Kevin's Musings

Thoughts on religion, philosophy, music, art, and anything else that has grabbed my attention during the day.

Thursday, March 03, 2005

Is there a standard of greatness?

I've been reading Don Quixote somewhat in my spare time. I don't really have any profound thoughts on it as of yet, though it is engaging and humorous. I'm going to wait until I've read most of it, if not all of it, before giving my opinion on it. When one grows up reading textbooks and coming to believe that this is how one learns, it is difficult, at first, to read classic books which contain a very different mode of communicating. Some would say the standard should be these Great Books and that when comparing textbooks with Great Books, textbooks fail to live up to the standard of those books. However, that doesn't mean one cannot learn from textbooks. It merely means if you hold to a standard of excellence, which I do, then to become aquainted with the greats is important before pounding hours and hours of textbook material into your head.

It is the same with music. I grew up listening to classical music, thanks to my parents. When I got into high school, most of my friends (who were not band geeks) did not like classical music. I came to realize they had not been exposed to it at first, as I had been, and so did not have the opportunity to grow to appreciate it. The popular music of my high school years was 90's rock - Everclear, Ben Folds, Cake, etc. and some hip hop/gangsta rap. This was the standard in most of the minds at my age level during high school.

What I'm proposing is the idea that things that stand the test of time are things that are Great. Classical music has stood the test of time. Who hasn't heard of at the least, or become intimately aquainted with at best, Mozart's Eine Kleine or Beethoven's 5th? Classic books, I would suggest, fall in the same category. The Bible is the oldest and most popular/well read that we know of in the history of mankind. Why is that? Has science proven it away? Part of the reason is it presents answers to every aspect of humanity. It assumes there is a Supernatural Power, a Theistic view of reality, without trying to prove it. Science tries to prove everything. Stories simply assume certain facts about reality. But stories are not always necessarily false. The Bible has stood the test of time. What else has? Most books that have stood the test of time, especially over the last 2000 years, are religious in nature. Many people have said throughout history that religion is a comfort for people and therefore it is a weakness. I would say (along with Dr. Reynolds) that that is a strength of religion. ( I'm sure many books and much music has been written that were not good enough to last that long, just as most of the books and music we are familiar with today will not stand the test of time, since 99% of everything humankind creates is junk. That's not to say there is nothing of value in some of what man produces today, but we must evaluate it against a standard that is higher than "what I want" or "what I feel based on my own tiny little perspective is best".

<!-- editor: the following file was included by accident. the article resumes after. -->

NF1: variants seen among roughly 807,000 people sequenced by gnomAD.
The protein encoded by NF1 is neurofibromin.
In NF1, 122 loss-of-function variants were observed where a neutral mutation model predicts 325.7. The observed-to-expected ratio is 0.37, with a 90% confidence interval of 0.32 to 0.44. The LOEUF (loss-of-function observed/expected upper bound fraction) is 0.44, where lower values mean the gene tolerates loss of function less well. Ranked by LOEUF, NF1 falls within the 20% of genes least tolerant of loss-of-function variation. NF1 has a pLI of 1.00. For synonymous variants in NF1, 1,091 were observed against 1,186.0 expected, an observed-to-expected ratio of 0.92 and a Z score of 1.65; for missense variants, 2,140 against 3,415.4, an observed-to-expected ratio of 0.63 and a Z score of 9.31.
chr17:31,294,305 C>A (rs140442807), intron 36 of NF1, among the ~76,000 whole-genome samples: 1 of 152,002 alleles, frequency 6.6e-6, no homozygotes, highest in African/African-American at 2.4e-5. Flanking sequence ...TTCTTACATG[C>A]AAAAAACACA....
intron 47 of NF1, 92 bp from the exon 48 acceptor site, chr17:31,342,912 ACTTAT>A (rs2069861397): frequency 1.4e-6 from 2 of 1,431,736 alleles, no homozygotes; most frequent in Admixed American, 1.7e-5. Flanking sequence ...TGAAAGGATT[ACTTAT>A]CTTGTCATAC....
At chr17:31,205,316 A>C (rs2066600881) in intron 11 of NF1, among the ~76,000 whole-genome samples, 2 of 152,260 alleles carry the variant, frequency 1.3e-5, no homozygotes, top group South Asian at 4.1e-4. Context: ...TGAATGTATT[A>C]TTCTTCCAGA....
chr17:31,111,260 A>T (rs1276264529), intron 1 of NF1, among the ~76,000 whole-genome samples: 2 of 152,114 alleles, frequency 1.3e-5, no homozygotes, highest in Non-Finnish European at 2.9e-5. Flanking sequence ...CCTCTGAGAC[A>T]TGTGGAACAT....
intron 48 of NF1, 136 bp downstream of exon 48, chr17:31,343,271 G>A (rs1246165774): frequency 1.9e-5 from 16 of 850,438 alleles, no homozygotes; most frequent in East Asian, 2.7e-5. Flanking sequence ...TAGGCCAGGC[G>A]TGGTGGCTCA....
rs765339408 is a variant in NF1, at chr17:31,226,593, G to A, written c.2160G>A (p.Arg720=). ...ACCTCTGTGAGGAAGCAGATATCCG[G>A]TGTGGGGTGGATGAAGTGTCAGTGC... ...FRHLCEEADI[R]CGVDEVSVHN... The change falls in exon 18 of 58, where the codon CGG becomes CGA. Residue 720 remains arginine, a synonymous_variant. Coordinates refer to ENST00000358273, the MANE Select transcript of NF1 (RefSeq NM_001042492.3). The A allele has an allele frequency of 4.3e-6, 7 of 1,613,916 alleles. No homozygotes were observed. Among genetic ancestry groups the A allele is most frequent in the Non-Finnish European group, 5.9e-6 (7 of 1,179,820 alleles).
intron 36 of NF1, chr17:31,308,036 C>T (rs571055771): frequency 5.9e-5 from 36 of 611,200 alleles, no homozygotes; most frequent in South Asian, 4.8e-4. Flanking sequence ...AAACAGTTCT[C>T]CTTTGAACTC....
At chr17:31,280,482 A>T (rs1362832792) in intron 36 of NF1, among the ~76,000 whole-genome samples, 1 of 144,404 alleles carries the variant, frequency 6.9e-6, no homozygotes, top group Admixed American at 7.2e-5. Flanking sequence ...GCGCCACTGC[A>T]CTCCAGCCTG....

So, hopefully, and I could be wrong, that as I begin to read Great Books I will be able to see what time has shown to be the best possible quality of literature produced by the mind of man.


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